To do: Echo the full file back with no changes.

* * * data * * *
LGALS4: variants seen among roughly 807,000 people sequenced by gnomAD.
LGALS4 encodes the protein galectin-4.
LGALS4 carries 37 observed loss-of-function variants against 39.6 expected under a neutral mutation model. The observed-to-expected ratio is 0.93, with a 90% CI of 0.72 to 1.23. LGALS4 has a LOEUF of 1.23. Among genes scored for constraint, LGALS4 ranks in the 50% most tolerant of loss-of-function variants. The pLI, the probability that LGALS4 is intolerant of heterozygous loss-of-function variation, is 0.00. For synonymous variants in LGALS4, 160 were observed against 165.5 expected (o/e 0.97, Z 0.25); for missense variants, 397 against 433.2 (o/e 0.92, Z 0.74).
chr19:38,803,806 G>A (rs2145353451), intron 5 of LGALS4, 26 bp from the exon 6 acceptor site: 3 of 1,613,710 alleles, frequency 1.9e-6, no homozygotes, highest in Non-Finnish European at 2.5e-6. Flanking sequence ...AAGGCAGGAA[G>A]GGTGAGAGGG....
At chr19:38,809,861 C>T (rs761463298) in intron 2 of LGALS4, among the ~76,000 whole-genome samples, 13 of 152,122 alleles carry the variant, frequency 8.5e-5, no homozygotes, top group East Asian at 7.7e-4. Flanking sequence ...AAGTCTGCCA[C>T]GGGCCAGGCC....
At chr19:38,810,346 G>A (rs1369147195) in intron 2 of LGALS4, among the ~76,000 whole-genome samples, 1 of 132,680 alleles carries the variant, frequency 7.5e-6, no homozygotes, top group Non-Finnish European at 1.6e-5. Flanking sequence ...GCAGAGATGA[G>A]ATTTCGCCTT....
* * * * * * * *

LGALS4: variants seen among roughly 807,000 people sequenced by gnomAD.
LGALS4 encodes the protein galectin-4.
LGALS4 carries 37 observed loss-of-function variants against 39.6 expected under a neutral mutation model. The observed-to-expected ratio is 0.93, with a 90% CI of 0.72 to 1.23. LGALS4 has a LOEUF of 1.23. Among genes scored for constraint, LGALS4 ranks in the 50% most tolerant of loss-of-function variants. The pLI, the probability that LGALS4 is intolerant of heterozygous loss-of-function variation, is 0.00. For synonymous variants in LGALS4, 160 were observed against 165.5 expected (o/e 0.97, Z 0.25); for missense variants, 397 against 433.2 (o/e 0.92, Z 0.74).
chr19:38,803,806 G>A (rs2145353451), intron 5 of LGALS4, 26 bp from the exon 6 acceptor site: 3 of 1,613,710 alleles, frequency 1.9e-6, no homozygotes, highest in Non-Finnish European at 2.5e-6. Flanking sequence ...AAGGCAGGAA[G>A]GGTGAGAGGG....
At chr19:38,809,861 C>T (rs761463298) in intron 2 of LGALS4, among the ~76,000 whole-genome samples, 13 of 152,122 alleles carry the variant, frequency 8.5e-5, no homozygotes, top group East Asian at 7.7e-4. Flanking sequence ...AAGTCTGCCA[C>T]GGGCCAGGCC....
At chr19:38,810,346 G>A (rs1369147195) in intron 2 of LGALS4, among the ~76,000 whole-genome samples, 1 of 132,680 alleles carries the variant, frequency 7.5e-6, no homozygotes, top group Non-Finnish European at 1.6e-5. Flanking sequence ...GCAGAGATGA[G>A]ATTTCGCCTT....